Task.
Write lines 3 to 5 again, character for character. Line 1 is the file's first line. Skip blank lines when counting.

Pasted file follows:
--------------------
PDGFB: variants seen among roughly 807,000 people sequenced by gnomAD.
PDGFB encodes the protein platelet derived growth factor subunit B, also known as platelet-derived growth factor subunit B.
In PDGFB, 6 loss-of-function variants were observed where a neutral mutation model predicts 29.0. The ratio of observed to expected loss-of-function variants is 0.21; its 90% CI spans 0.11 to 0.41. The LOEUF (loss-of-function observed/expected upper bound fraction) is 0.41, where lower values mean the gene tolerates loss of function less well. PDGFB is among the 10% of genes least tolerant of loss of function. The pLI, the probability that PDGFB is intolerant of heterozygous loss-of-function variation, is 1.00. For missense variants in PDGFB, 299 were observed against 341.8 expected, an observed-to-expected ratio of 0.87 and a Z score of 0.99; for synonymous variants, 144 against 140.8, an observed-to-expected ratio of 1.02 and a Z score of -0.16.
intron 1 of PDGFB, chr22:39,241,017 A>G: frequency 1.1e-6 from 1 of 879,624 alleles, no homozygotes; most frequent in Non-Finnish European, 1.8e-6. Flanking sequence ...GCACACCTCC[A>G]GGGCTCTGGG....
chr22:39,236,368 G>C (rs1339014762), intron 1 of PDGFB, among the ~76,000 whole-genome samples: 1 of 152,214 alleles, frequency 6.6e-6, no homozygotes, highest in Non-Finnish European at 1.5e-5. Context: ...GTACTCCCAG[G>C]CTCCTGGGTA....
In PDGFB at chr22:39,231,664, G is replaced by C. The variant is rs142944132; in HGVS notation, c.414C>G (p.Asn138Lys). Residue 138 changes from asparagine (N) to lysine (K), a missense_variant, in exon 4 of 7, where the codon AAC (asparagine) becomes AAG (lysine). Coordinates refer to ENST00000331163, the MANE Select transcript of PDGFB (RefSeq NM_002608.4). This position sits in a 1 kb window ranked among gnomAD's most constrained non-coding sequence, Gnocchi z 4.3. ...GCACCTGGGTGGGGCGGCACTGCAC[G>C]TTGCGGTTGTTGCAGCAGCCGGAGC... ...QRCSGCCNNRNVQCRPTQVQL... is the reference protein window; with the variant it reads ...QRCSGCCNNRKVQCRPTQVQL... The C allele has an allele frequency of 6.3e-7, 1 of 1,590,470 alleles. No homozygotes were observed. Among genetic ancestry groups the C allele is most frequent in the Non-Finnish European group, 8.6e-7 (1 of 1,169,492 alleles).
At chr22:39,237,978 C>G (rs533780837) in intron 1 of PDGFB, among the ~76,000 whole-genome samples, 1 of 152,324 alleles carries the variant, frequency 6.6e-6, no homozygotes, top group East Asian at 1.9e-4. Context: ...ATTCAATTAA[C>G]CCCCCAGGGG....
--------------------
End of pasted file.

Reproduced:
In PDGFB, 6 loss-of-function variants were observed where a neutral mutation model predicts 29.0. The ratio of observed to expected loss-of-function variants is 0.21; its 90% CI spans 0.11 to 0.41. The LOEUF (loss-of-function observed/expected upper bound fraction) is 0.41, where lower values mean the gene tolerates loss of function less well. PDGFB is among the 10% of genes least tolerant of loss of function. The pLI, the probability that PDGFB is intolerant of heterozygous loss-of-function variation, is 1.00. For missense variants in PDGFB, 299 were observed against 341.8 expected, an observed-to-expected ratio of 0.87 and a Z score of 0.99; for synonymous variants, 144 against 140.8, an observed-to-expected ratio of 1.02 and a Z score of -0.16.
intron 1 of PDGFB, chr22:39,241,017 A>G: frequency 1.1e-6 from 1 of 879,624 alleles, no homozygotes; most frequent in Non-Finnish European, 1.8e-6. Flanking sequence ...GCACACCTCC[A>G]GGGCTCTGGG....
chr22:39,236,368 G>C (rs1339014762), intron 1 of PDGFB, among the ~76,000 whole-genome samples: 1 of 152,214 alleles, frequency 6.6e-6, no homozygotes, highest in Non-Finnish European at 1.5e-5. Context: ...GTACTCCCAG[G>C]CTCCTGGGTA....